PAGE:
Gartner: SMS-based money transfer will be bigger than mobile browsing, search

Technology market research company Gartner Inc. has released a report which predicts what the top ten mobile applications will be in 2012 based on current activity in the smartphone field, including such factors as consumer and industry interest, potential revenue, and existing business models.

Based upon this information, Gartner predicts the number one "killer app" that everyone will have on their mobile device will be one that is currently uncommon in the United States, but available elsewhere in the world: Money Transfer.

More important than mobile communication or entertainment applications, Gartner predicts that SMS-based money transfer is the next big thing for smartphones. It already exists in a number of other markets, but Gartner says the regulatory kinks need to be worked out before it can truly flourish.

"Because of the fast growth of mobile money transfer, regulators in many markets are piling in to investigate the impact on consumer costs, security, fraud and money laundering," Gartner's announcement today said. "On the operational side, market conditions vary, as do the local resources of service providers, so providers need different market strategies when entering a new territory."

The rest of Gartner's list, in descending order, included: Location-based services, mobile search, mobile browsing, mobile health monitoring, mobile payment, near field communication services, mobile advertising, mobile instant messaging, and mobile music.

Items six and seven on Gartner's list (mobile payment and near-field communication services) are issues related to one another and to the transfer of money. These two application classes have been closely linked since NTT DoCoMo debuted near-field "Wallet Phones" in 2004, which turn a user's phone into a sort of Speedpass dongle which can be "charged" with money or credits, and passed in front of a reader for instant transactions.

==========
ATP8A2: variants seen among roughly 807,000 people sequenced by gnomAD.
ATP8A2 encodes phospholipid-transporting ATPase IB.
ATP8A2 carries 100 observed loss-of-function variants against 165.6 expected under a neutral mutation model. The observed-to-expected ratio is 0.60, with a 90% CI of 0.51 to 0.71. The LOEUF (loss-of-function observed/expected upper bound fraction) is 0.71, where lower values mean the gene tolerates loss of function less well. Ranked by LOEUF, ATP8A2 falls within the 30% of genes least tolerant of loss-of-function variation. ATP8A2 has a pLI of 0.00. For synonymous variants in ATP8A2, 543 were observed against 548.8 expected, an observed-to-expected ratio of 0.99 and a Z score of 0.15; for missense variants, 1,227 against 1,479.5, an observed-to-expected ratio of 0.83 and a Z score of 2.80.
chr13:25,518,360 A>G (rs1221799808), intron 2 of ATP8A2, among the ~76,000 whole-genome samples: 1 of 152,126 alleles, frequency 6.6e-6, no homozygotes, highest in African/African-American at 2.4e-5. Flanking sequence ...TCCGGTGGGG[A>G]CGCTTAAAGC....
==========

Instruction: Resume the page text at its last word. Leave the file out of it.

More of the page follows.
Gartner says the main difficulty in propagating any of these money-related technologies comes in uniting the mobile carriers with the banks.

"The increasing consumer interest in smartphones, the participation of Internet players in the mobile space, and the emergence of application stores and cross-industry services are reducing the dominance of mobile carriers," Sandy Shen, research director at Gartner said. "Each player will influence how the application is delivered and experienced by consumers, who ultimately vote with their attention and spending power."

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